Crowd in japan

How I charge for projects

As a consultant and freelancer there is almost always an issue when it comes to how much to charge for my work. Often I’m asked “how much is it for a new logo?” or how much I charge per hour.

The range of different kinds of customers and projects make that answer difficult as I work with everything from small early stage startups to global companies. Doing everything from a quick logo to a full project where I’m in charge of basically creating a new product or brand.

Also, of course it depends on my situation. If I’m swamped with work, which I usually am, I can be a bit more picky with what I do.

Depending on the client it can also be interesting to work with a reduced fee and have some kind of stake in the company.

Time is precious so know your value

But as a starting point I have a base charge per hour.

If it’s a project where it’s possible to estimate the number of hours it’s quite easy. Either I count the hours or we set a fixed project fee based on the estimate.

Estimates are always a gamble so I need to put in some air in it to protect myself. I could still be wrong about the time so it can go either way.

But I think in the end a customer pays for the result and not the exact number of hours worked. At least that’s how it should be. In some ways you pay for my experience as well.

If the client is a big no nonsense company I charge full price on those hours. If it’s a smaller company or startup the story can be different. Especially if it’s something I see as really interesting and where I will learn stuff from working with it.

There have been times when I have done stuff for free even. At least as a start. But it’s not something I recommend as when you do things for free a lot of times people don’t put as much value in the result as if they pay for it.

Working for shares and being committed

Running my own company and being able to contribute in many ways to the early stages of a startup opens up the possibility to both work for shares or reduce my fee against ownership. Both which I have done.

Calculating ownership is very tricky as there is always a huge risk involved in that the company might fail and the shares will be worth absolutely nothing. So I have to take into account both how much I believe in the idea and the team, how much the idea makes the world better in some way, how far the startup is in it’s journey, how much my work can affect the outcome and also what kind of discount I give on my hours. Or if I get paid at all.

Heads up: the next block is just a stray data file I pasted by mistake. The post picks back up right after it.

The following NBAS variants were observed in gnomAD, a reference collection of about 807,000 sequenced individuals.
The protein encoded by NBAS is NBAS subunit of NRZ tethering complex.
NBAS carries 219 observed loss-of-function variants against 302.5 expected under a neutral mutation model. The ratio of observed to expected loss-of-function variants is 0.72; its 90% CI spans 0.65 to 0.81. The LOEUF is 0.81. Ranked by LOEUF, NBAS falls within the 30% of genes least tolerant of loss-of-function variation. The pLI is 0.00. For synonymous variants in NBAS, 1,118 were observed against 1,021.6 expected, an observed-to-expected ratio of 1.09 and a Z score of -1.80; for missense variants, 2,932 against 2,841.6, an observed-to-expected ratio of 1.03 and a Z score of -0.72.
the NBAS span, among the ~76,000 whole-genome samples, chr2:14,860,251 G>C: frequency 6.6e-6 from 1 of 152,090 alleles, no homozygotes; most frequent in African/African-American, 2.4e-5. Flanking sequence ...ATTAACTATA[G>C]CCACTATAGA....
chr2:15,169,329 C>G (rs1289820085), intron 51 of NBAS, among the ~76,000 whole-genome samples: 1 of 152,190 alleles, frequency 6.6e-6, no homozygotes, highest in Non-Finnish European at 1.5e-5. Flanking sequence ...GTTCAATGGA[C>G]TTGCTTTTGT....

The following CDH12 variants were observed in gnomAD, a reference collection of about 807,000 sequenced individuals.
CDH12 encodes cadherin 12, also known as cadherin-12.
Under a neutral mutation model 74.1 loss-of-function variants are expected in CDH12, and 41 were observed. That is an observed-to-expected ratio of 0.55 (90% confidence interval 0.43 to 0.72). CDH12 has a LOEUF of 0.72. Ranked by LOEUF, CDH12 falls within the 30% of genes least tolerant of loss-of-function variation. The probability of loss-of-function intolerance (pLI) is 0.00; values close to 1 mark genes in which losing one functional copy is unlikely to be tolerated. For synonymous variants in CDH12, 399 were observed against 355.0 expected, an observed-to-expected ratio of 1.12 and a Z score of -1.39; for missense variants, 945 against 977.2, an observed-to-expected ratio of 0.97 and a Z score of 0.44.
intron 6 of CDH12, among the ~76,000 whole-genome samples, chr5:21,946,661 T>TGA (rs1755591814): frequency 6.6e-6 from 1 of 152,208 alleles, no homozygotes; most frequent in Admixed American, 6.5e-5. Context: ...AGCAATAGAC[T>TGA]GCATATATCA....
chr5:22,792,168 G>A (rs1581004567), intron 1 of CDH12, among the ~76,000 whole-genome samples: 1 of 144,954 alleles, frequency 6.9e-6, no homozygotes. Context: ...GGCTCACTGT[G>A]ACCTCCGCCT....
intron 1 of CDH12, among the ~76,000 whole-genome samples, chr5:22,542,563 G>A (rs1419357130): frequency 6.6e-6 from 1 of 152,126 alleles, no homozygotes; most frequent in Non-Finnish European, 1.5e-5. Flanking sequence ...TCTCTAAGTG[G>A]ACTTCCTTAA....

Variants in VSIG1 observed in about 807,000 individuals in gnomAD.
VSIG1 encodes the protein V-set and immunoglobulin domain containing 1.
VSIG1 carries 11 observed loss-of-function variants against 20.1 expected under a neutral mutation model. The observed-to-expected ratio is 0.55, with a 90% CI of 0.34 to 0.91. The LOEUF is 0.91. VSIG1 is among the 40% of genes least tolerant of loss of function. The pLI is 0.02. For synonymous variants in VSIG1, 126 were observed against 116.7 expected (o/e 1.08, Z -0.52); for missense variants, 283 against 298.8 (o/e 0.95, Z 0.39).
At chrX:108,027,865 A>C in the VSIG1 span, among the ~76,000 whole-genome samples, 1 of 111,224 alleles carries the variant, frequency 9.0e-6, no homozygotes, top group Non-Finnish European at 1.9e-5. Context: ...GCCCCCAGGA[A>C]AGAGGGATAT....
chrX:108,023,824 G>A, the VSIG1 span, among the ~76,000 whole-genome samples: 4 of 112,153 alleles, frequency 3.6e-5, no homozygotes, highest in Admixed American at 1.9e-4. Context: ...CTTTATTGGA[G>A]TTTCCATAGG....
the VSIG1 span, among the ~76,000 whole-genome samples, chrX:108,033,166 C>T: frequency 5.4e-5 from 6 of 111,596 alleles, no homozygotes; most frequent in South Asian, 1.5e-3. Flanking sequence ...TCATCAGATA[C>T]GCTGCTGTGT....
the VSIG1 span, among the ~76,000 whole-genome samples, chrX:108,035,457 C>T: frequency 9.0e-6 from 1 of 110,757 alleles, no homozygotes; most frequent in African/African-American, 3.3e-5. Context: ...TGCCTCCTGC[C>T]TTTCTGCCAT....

I have done jobs for free where the startup have failed. But I have also gotten paid, plus shares that have become worth a lot when the startup was sold. You never know.

The logic I use when charging for my work

To summarize this is how I think:

Is the job well defined and the client a “normal” business that can pay for quality? Then I set a project fee based on my estimate of number of hours and the ambition of the client including a certain number of iterations and meetings.

If the job is not well defined and might go in all kinds of directions or the client feels unsure of what they want at all I charge per hour but we might agree on a span of hours but not exact scope.

If the client is a startup that won’t open up for ownership I might give a discount if I think the job is interesting, changes the world for the better, or if I have the opportunity to learn something new. At least if the discount is a requirement for getting the job and I want to do it.

If the client is a startup that opens up for ownership it all depends on how many percent I can get, what stage the startup is in, the idea of the startup, how much I believe in the team and if I can get something paid to minimize the risk involved.

Also read The power of saying No